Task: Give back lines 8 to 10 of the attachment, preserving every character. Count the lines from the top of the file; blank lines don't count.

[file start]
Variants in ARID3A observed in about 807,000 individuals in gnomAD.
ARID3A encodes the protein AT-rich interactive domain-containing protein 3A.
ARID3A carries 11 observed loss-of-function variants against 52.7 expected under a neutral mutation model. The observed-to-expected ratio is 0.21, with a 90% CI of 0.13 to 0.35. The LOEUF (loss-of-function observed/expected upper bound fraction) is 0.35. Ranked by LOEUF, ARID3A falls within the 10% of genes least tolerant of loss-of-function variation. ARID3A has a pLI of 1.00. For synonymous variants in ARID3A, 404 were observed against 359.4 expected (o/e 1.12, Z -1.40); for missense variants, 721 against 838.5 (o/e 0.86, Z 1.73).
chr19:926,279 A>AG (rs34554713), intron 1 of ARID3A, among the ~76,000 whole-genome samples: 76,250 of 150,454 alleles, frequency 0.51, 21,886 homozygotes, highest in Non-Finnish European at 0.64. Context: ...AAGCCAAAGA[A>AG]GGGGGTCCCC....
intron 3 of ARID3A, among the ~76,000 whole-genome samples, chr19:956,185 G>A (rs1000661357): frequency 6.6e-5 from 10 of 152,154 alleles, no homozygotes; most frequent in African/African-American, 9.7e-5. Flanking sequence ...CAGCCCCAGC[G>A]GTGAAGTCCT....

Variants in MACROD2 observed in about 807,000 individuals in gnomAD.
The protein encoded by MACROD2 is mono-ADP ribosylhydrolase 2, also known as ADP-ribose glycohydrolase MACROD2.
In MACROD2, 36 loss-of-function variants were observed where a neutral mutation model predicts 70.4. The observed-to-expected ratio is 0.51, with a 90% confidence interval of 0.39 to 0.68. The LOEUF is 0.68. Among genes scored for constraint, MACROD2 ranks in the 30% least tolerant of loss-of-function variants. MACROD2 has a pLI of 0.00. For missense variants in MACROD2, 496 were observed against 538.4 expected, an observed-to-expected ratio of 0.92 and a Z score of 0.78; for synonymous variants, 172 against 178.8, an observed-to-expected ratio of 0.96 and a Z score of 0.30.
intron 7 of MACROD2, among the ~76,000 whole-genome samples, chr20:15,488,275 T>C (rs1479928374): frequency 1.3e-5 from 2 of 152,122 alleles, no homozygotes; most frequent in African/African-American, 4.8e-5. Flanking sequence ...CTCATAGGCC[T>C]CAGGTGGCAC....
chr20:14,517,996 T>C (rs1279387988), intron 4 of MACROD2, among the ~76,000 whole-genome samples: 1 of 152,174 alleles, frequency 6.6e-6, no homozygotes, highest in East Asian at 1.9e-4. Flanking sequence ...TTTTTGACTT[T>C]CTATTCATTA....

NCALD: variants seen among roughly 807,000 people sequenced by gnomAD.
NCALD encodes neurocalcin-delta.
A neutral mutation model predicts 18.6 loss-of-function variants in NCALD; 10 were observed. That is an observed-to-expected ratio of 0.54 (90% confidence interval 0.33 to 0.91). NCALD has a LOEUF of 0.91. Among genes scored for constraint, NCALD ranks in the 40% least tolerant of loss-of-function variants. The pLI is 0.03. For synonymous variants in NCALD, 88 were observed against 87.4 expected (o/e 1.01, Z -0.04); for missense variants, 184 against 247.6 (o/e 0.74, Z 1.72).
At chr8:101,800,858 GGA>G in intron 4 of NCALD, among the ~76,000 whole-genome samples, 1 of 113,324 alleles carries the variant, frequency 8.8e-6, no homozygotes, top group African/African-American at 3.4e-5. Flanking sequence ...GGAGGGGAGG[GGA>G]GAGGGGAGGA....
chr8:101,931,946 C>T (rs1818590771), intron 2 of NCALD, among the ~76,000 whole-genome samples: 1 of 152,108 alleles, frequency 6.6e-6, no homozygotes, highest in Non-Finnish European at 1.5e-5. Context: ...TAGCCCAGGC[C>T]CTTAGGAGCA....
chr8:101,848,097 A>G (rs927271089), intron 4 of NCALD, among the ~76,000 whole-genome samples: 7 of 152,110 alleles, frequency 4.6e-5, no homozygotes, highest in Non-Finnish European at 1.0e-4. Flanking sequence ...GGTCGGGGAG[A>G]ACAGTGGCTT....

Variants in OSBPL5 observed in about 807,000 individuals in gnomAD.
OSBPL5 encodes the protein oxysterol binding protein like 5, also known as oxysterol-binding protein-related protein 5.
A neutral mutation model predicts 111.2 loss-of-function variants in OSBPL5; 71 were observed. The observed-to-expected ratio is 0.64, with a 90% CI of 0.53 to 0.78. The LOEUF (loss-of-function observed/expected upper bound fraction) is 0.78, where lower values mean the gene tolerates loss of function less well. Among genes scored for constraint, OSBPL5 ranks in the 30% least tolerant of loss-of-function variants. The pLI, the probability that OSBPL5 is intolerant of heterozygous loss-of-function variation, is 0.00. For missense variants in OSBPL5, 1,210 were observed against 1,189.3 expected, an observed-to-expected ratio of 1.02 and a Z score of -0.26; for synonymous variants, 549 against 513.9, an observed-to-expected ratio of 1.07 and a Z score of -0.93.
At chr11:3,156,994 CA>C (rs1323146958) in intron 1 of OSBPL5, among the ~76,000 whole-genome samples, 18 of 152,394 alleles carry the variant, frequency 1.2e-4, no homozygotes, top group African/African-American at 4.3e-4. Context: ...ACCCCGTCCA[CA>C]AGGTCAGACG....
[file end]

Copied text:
In MACROD2, 36 loss-of-function variants were observed where a neutral mutation model predicts 70.4. The observed-to-expected ratio is 0.51, with a 90% confidence interval of 0.39 to 0.68. The LOEUF is 0.68. Among genes scored for constraint, MACROD2 ranks in the 30% least tolerant of loss-of-function variants. MACROD2 has a pLI of 0.00. For missense variants in MACROD2, 496 were observed against 538.4 expected, an observed-to-expected ratio of 0.92 and a Z score of 0.78; for synonymous variants, 172 against 178.8, an observed-to-expected ratio of 0.96 and a Z score of 0.30.
intron 7 of MACROD2, among the ~76,000 whole-genome samples, chr20:15,488,275 T>C (rs1479928374): frequency 1.3e-5 from 2 of 152,122 alleles, no homozygotes; most frequent in African/African-American, 4.8e-5. Flanking sequence ...CTCATAGGCC[T>C]CAGGTGGCAC....
chr20:14,517,996 T>C (rs1279387988), intron 4 of MACROD2, among the ~76,000 whole-genome samples: 1 of 152,174 alleles, frequency 6.6e-6, no homozygotes, highest in East Asian at 1.9e-4. Flanking sequence ...TTTTTGACTT[T>C]CTATTCATTA....